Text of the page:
This is a complex area but one of the main areas which has caused problems is where the member is terminally ill and transfers from one scheme to another and dies within 2 years. Most commonly this is from a Defined Benefit (DB) scheme to a Defined Contribution (DC) scheme as the DC scheme will probably offer more flexibility. HM Revenue & Custom (HMRC) considers this to be a transfer of value due to the fact the member could direct the transfer to an arrangement where the estate would be entitled to the death benefit.
If a member is transferring when in poor health then they have to be aware of the potential IHT implications. However, even if 40% IHT is applied to the transfer value (and it may not be as high as this due to the way it is calculated) then 60% of something is better than nothing which is likely to be what an adult beneficiary would receive from a DB scheme.
In this case study we look at Mark.
As Mark dies within 2 years of the transfer taking place, IHT may be payable if the value of the estate exceeds the nil-rate band.
In broad terms for IHT purposes it is the difference in the value of the death benefits in the previous scheme and the retirement benefits in the receiving scheme that’s used to calculate the IHT. The actual values will be negotiated between HMRC and the personal representatives of the estate.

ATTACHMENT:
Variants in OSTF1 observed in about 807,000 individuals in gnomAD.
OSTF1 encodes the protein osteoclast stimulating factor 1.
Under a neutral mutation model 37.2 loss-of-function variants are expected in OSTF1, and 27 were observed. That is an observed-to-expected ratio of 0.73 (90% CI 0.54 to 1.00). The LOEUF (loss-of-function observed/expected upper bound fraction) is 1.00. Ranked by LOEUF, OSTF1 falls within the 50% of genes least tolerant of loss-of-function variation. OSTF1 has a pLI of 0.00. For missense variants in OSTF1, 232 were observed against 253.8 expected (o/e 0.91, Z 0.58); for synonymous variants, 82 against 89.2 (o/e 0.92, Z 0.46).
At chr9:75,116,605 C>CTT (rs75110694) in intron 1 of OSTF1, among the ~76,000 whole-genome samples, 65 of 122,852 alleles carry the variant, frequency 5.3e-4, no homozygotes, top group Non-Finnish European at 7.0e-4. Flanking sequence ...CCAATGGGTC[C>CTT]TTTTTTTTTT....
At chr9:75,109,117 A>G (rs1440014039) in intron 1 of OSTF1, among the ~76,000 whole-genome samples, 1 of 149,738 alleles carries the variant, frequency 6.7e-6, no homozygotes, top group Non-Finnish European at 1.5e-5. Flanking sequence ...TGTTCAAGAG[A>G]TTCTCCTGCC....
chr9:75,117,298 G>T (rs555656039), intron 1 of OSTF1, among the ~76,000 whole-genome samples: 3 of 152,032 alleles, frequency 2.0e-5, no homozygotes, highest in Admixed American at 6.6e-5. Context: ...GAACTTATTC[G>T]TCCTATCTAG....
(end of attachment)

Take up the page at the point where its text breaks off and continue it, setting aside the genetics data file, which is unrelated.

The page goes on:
This is the open market value of the death benefits which could have been directed towards the member’s estate. This is slightly confusing as it is not the rights there would have been if the member had stayed in the DB scheme. Instead, it is the transfer value (the death benefit in the receiving scheme).
Growth is applied and a deduction is made for the period that the member is likely to survive (you would not pay full price for something you were not going to receive until a future point) and this then gives the open market value. So, the deduction is calculated using both a growth rate and a discount rate. In Mark’s case he died shortly after the transfer so the open market value is high.
In Mark’s case HMRC state it to be £980,000
This amount should be the amount of an uncrystallised funds pension lump sum (UFPLS) less what the tax payable would be on a full withdrawal.
Loss to the estate:
Before figure – After figure
= £980,000 - £662,500 = £317,500
This amount is added to the value of Mark’s estate when calculating whether IHT is payable.
The information provided is based on our current understanding of the relevant legislation and regulations and may be subject to alteration as a result of changes in legislation or practice. Also it may not reflect the options available under a specific product which may not be as wide as legislations and regulations allow.
All references to taxation are based on our understanding of current taxation law and practice and may be affected by future changes in legislation and the individual circumstances of the investor.